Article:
Biometrics as Human Interface: HTC One max Code Leak Implies New Functionality

Now that Touch ID has fired the proverbial starter’s pistol on the smartphone fingerprint sensors race, with an ETA for Android devices slowly counting down, the simple information that the next HTC mobile will be sporting its own biometric lock is not remarkable news on its own – that sort of thing is to be expected at this point in the game.  Leaked code from the HTC One max fingerprint sensor setup is implying a novel use of the biometric scanner.

Reported by androidandme.com on Thursday of last week, the new HTC phone (rumored to be the largest model yet) might hit the shelves with a fingerprint sensor that can be customized for quick launch applications. The code reveals that a template of each of the user’s fingers can be individually enrolled and assigned to an app, so that unlocking the phone with her left index finger will open her Gmail, for instance, while her right pinky will bring up Angry Birds.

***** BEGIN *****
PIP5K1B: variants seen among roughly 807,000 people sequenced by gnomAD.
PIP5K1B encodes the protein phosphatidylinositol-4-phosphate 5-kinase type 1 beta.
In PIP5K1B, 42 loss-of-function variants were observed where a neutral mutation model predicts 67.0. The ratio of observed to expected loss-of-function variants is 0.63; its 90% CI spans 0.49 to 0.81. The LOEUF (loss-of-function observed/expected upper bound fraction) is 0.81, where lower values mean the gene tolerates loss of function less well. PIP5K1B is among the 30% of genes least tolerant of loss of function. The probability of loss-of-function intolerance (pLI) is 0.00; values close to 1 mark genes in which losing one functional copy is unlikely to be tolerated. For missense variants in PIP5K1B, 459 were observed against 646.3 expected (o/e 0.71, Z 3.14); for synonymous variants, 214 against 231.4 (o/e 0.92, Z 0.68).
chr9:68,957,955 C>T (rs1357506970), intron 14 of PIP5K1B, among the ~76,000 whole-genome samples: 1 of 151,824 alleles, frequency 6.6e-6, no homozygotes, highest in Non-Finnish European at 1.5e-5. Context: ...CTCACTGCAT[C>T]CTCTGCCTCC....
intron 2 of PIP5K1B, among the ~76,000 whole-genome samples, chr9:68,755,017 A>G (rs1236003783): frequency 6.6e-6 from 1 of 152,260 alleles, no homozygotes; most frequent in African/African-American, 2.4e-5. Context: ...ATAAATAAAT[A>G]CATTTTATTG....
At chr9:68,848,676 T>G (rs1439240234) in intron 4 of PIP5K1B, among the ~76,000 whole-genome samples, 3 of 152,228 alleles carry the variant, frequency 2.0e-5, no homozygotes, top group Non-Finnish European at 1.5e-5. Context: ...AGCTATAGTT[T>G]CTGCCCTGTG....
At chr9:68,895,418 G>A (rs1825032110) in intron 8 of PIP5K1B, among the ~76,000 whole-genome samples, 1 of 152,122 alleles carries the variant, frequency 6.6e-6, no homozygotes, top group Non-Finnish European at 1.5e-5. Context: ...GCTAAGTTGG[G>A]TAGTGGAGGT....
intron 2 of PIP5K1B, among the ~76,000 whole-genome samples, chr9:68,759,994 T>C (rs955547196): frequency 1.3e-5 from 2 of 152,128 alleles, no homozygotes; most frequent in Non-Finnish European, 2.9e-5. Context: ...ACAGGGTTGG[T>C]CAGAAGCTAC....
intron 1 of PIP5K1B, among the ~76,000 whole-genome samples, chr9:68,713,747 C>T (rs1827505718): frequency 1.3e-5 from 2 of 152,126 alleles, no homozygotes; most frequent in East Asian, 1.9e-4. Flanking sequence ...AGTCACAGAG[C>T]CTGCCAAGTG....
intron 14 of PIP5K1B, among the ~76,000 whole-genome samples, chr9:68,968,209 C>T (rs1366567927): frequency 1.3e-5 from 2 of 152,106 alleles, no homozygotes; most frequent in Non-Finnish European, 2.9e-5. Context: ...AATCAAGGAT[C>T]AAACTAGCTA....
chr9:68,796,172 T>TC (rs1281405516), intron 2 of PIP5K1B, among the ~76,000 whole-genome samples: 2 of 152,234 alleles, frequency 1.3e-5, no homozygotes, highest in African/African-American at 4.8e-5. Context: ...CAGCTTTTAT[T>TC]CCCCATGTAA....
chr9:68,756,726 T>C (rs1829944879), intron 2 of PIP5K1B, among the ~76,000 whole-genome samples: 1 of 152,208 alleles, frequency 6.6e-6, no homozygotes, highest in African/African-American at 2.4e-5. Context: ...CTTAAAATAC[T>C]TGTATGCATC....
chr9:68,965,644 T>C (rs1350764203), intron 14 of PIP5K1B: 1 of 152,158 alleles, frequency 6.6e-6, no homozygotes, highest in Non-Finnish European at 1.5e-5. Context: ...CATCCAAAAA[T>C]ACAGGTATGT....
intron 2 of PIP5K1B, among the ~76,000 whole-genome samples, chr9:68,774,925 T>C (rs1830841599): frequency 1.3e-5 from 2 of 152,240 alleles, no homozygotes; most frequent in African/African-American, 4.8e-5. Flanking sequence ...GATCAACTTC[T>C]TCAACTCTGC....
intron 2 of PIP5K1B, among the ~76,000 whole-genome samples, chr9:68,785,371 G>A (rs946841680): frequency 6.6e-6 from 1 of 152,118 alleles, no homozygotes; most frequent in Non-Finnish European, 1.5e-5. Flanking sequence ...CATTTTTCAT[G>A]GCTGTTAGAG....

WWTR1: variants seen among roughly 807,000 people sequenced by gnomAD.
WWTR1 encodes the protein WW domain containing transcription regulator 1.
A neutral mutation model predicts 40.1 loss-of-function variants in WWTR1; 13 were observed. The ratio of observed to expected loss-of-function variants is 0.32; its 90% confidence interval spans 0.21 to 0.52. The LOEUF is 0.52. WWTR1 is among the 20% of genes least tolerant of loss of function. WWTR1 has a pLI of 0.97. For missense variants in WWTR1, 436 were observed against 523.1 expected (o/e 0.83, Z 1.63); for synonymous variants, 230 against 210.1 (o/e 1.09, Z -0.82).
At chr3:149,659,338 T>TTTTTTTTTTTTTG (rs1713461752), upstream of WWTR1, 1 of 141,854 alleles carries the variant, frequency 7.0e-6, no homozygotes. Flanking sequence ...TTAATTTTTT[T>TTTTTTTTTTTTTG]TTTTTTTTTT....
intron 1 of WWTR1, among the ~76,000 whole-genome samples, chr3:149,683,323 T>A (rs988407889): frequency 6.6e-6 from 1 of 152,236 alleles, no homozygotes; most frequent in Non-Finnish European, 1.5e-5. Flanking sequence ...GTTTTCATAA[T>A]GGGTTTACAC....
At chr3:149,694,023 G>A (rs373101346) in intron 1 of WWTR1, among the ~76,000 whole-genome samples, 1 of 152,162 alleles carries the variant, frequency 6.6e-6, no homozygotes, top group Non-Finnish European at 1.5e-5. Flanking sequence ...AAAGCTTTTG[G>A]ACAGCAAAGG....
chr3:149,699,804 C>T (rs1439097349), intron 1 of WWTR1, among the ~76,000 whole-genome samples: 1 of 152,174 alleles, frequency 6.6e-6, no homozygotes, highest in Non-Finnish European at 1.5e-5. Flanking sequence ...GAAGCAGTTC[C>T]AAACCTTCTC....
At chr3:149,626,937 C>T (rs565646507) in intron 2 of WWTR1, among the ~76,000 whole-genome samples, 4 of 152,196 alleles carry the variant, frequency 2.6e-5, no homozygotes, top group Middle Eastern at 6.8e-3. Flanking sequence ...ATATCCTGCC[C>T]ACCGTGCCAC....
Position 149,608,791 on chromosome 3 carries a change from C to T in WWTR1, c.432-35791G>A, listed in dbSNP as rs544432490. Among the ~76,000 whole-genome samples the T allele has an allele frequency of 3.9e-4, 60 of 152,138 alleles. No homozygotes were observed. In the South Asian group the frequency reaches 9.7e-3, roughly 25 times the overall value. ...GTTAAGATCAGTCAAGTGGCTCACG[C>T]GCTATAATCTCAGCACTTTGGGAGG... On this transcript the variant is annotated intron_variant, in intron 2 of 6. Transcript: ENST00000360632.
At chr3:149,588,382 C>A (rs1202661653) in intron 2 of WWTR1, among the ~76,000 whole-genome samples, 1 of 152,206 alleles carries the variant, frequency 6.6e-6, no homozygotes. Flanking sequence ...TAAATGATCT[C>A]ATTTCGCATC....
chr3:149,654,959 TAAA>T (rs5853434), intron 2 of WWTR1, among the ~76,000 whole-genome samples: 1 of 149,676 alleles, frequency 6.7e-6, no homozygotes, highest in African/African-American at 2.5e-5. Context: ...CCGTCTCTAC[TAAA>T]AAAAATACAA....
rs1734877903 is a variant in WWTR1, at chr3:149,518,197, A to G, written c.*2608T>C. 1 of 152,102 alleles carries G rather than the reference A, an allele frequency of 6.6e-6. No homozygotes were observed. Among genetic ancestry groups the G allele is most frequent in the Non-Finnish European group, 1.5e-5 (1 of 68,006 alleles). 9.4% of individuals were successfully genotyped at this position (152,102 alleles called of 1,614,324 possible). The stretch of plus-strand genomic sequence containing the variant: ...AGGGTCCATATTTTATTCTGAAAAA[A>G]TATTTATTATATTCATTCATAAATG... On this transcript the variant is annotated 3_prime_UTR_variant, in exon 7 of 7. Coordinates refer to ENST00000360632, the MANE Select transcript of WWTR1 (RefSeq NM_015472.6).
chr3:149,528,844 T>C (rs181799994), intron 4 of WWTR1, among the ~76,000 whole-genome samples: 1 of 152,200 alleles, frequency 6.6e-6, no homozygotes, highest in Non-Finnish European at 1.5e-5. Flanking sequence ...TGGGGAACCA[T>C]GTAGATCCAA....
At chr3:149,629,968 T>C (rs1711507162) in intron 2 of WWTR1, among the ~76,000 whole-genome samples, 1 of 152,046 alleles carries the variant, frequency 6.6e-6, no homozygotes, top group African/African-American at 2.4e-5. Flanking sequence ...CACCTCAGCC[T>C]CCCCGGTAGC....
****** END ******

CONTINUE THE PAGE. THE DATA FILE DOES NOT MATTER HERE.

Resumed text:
This is a unique functionality, to have ten quick-start biometric keys, is interesting, but the scope of what it will mean for users is obviously going to be a matter for time and the market to decide. Fingerprint biometrics, like gesture based shortcuts, are much more intuitive than traditional navigation methods and PIN based locks, so the potential for a user to pick up her HTC One max solely to check her Facebook and using her assigned Facebook finger to instantly open the app seems like a great convenience.

The only skepticism about the solution, however come to what this might mean for the actual security of the device. One of the biggest conveniences that biometrics can bring to smartphones is an easy to use, better than a PIN, authentication factor, but as was seen in the days following the Touch ID launch: fingerprint sensors can be spoofed. Unless this is a secondary functionality, to be accessed after one designated finger is used to unlock the phone, then it can be ten times as easy for a criminal to spoof its way into the device.